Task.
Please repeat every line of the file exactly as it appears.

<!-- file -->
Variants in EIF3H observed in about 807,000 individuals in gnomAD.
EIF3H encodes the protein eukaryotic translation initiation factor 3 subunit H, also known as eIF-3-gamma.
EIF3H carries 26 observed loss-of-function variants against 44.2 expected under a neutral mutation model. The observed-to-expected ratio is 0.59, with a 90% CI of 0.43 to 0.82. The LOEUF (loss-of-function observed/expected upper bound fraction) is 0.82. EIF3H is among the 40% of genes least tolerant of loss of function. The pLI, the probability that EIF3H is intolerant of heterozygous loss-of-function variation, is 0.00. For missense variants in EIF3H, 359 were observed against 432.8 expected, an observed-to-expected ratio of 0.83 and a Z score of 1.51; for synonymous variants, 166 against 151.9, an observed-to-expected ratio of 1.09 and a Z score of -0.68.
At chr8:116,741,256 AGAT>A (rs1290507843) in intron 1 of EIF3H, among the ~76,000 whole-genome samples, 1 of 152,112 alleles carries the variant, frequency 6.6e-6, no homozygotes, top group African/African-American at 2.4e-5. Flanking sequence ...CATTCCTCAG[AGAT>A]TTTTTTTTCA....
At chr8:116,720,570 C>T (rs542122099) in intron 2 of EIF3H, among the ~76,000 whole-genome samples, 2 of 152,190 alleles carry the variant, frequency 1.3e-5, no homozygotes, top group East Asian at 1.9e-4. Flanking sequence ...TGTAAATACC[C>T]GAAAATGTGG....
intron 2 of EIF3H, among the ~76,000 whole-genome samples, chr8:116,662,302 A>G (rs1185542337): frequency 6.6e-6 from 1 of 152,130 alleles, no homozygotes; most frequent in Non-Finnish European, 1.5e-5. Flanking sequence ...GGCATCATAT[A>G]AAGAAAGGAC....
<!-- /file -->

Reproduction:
Variants in EIF3H observed in about 807,000 individuals in gnomAD.
EIF3H encodes the protein eukaryotic translation initiation factor 3 subunit H, also known as eIF-3-gamma.
EIF3H carries 26 observed loss-of-function variants against 44.2 expected under a neutral mutation model. The observed-to-expected ratio is 0.59, with a 90% CI of 0.43 to 0.82. The LOEUF (loss-of-function observed/expected upper bound fraction) is 0.82. EIF3H is among the 40% of genes least tolerant of loss of function. The pLI, the probability that EIF3H is intolerant of heterozygous loss-of-function variation, is 0.00. For missense variants in EIF3H, 359 were observed against 432.8 expected, an observed-to-expected ratio of 0.83 and a Z score of 1.51; for synonymous variants, 166 against 151.9, an observed-to-expected ratio of 1.09 and a Z score of -0.68.
At chr8:116,741,256 AGAT>A (rs1290507843) in intron 1 of EIF3H, among the ~76,000 whole-genome samples, 1 of 152,112 alleles carries the variant, frequency 6.6e-6, no homozygotes, top group African/African-American at 2.4e-5. Flanking sequence ...CATTCCTCAG[AGAT>A]TTTTTTTTCA....
At chr8:116,720,570 C>T (rs542122099) in intron 2 of EIF3H, among the ~76,000 whole-genome samples, 2 of 152,190 alleles carry the variant, frequency 1.3e-5, no homozygotes, top group East Asian at 1.9e-4. Flanking sequence ...TGTAAATACC[C>T]GAAAATGTGG....
intron 2 of EIF3H, among the ~76,000 whole-genome samples, chr8:116,662,302 A>G (rs1185542337): frequency 6.6e-6 from 1 of 152,130 alleles, no homozygotes; most frequent in Non-Finnish European, 1.5e-5. Flanking sequence ...GGCATCATAT[A>G]AAGAAAGGAC....